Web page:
California’s most powerful public employee union, the California Teachers Association (CTA), has budgeted $1 million for a May campaign to browbeat and coerce lawmakers and taxpayers into providing more money, through higher taxes, for teachers.

The action items proposed by the CTA range from the silly — convincing the Ben and Jerry’s ice cream company to add a labor-union flavor to their line — to the outright threatening — demonstrations that could create major traffic jams in towns and cities.

Apparently, the union representing the second highest paid teachers in the nation – New York pays several hundred dollars a year more – thinks nothing of creating potentially dangerous traffic hazards and making thousands of those who still have jobs in California, late for work.

In case you are not caught up in one of their traffic jams, the teachers’ union has another way to reach into your life. An activity being considered is having teachers make phone calls to parents to tell them how their child is doing and then talk about the state budget cuts and inviting them to attend rallies. Is it possible that your response to this call could have an influence on the grade your child receives? Ya think?

Some of the activities the CTA is suggesting are fair game. Protesting in front of a lawmaker’s office is in the best tradition of freedom of speech and petition, but the union would take it a step further by following officials around all day, which amounts to stalking and creates security concerns.

And the teachers union would like to turn fire/earthquake drills into budget response drills involving students and the community, putting the priorities of government workers ahead of the safety of our children.

However, using our children as human shields – we’ve all heard the expression, “It’s for the children!” – is nothing new for CTA. This is an organization that spends millions of dollars advertising “every child deserves a chance” which should actually be translated as “every teacher, even bad ones, deserves the highest pay and benefits in the nation and, of course, iron clad job security.” Clearly, this is not about the students.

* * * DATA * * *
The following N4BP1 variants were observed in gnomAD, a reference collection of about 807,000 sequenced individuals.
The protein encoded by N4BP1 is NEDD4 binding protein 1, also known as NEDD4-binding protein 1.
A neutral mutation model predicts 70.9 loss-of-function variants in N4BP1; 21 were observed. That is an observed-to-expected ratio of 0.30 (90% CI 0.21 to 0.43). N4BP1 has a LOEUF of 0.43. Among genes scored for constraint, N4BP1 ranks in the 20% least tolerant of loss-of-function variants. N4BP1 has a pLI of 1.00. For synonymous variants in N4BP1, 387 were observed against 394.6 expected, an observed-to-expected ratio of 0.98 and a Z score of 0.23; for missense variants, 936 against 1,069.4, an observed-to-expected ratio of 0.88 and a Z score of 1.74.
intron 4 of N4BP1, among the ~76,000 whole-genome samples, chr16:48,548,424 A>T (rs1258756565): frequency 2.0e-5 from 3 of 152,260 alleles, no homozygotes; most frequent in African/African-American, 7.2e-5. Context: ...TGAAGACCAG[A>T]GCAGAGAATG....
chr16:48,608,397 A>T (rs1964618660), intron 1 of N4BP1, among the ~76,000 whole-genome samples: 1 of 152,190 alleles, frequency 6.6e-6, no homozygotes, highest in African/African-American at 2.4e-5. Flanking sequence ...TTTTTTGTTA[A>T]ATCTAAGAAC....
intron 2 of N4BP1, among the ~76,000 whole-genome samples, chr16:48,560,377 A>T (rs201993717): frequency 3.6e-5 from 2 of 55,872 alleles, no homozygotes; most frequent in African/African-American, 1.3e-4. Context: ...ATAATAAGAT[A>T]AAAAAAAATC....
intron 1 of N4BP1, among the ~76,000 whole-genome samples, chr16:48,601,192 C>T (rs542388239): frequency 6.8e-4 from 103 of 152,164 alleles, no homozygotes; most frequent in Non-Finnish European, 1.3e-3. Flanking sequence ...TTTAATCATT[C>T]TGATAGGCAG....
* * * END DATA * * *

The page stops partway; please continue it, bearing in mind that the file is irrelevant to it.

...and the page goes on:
Al Shanker, the former head of the American Federation of Teachers, a large national labor organization, capsulated CTA’s approach best when he said, “When school children start paying union dues, that ‘s when I’ll start representing the interests of school children.”

Of course there are thousands of individual teachers who are dedicated to the welfare of their students. These deserve encouragement and support. The problem is that the CTA, which is nothing more than a militant labor union, uses our concern for our children and appreciation for those who educate them, as the focal point of their campaign to wring more and more from already beleaguered taxpayers. The union ignores the fact that the reason government has less money for schools and teachers is that taxpayers have less, much less.

California voters are clearly getting tired of CTA’s strong arm tactics. Although CTA was a big booster of Schwarzenegger’s Proposition 1A (they ran several ads on TV showing children in the classroom) voters rejected the tax extensions in May of 2009 by a 2-1 margin. Consistent with the nationwide trend, union threats are ringing increasingly more hollow.